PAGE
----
<blockquote id=“quote”><font size=“1” face=“Verdana, Arial, Helvetica” id=“quote”>quote:<hr height=“1” noshade id=“quote”>Originally posted by Peter _Birch

…in real boat sailing and also with r/c monohulls tacking on shifts works, but with r/c multihull’s it doesn’t cut the mustard.
<hr height=“1” noshade id=“quote”></blockquote id=“quote”></font id=“quote”>

Peter - based on my sailing multihulls experience since 1974, I would eliminate the “R/c” part of your quote… tacking on shifts with full size multihulls is also slow!

Sorry to make the multihulls seem like drag racers, but they are ! “Banging corners” is a normal and accepted method of racing a multihull by most folks. They are not "sports cars in the sense they can be roll tacked (pumped or oouched either). The most dreaded realization is to find you didn’t overstand your mark, and now it is going to require a minimum of two additional tacks to clear the windward mark. While sitting there trying to get going, it is very disheartneing to watch a large portion of the boats behind you simply sail past about 25 yards ahead – in the area of the course you didn’t lay with your second tack. Arrrgh !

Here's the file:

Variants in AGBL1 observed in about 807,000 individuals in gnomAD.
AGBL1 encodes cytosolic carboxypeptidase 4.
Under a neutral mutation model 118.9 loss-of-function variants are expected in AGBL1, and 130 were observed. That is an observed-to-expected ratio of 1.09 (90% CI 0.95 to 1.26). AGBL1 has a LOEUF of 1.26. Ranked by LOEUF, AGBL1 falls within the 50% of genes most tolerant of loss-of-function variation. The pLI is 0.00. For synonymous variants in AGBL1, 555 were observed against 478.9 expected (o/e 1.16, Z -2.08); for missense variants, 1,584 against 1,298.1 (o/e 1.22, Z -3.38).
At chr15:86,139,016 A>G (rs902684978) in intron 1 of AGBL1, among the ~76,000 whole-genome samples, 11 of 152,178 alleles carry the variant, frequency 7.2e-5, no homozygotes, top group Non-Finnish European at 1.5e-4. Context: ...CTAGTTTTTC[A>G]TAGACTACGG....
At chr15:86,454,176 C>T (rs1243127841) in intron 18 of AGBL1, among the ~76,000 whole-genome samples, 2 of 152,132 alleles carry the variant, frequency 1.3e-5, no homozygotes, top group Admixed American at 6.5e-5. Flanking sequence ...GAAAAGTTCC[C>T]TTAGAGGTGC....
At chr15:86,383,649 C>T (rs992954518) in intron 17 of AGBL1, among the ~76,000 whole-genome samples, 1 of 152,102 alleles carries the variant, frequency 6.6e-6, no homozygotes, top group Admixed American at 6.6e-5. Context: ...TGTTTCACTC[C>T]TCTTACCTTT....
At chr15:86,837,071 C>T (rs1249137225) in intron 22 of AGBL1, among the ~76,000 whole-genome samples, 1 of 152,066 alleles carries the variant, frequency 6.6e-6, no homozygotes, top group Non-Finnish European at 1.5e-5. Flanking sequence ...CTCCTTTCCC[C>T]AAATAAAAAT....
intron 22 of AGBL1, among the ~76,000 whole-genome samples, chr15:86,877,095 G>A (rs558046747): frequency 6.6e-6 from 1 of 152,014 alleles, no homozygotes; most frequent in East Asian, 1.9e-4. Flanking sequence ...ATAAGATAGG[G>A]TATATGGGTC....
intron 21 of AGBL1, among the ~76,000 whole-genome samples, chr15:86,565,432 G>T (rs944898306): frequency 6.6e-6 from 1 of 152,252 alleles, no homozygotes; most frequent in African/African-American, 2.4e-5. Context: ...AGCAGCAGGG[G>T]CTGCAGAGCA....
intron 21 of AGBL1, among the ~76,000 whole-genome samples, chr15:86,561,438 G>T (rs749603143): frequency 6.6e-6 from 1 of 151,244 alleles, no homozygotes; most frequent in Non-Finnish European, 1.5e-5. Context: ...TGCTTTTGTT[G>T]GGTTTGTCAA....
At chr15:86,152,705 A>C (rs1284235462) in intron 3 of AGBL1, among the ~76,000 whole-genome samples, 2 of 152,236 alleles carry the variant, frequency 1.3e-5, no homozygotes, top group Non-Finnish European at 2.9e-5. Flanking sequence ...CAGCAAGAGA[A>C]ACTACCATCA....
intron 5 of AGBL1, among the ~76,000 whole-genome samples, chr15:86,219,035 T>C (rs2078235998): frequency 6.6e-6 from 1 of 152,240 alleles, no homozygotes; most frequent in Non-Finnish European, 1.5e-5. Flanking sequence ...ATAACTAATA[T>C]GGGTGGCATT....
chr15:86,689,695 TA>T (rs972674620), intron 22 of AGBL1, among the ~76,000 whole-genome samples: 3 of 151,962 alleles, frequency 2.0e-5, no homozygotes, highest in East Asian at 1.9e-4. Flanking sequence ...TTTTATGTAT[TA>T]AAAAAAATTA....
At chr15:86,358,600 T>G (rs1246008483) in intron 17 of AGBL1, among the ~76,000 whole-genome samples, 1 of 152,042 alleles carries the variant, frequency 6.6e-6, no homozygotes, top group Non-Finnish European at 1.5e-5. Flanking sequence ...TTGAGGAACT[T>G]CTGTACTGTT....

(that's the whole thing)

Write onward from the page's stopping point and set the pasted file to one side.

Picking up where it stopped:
As Peter suggests, there is no such thing as two or four quick tacks with a multihull.

I guess the other thing that “could be worse” is trying to lay the windward mark against a running current - 3 or 4 times… kind of like hitting 4 successive golf balls into the pond from the Tee box! [:(!]

Gybing is better than tacking, but again, is usually used to get to the favored side of the course to all a deep, very fast reach. Wing and wing downwind sailing only is good for very very light breezes. Anything over a couple of knots and dowind reaching is the elected method for sailing dowind, and again, no gybing duels needed. While you are playing tactics, the guy who keeps his platform “heated up” downwind will round the leeward mark first !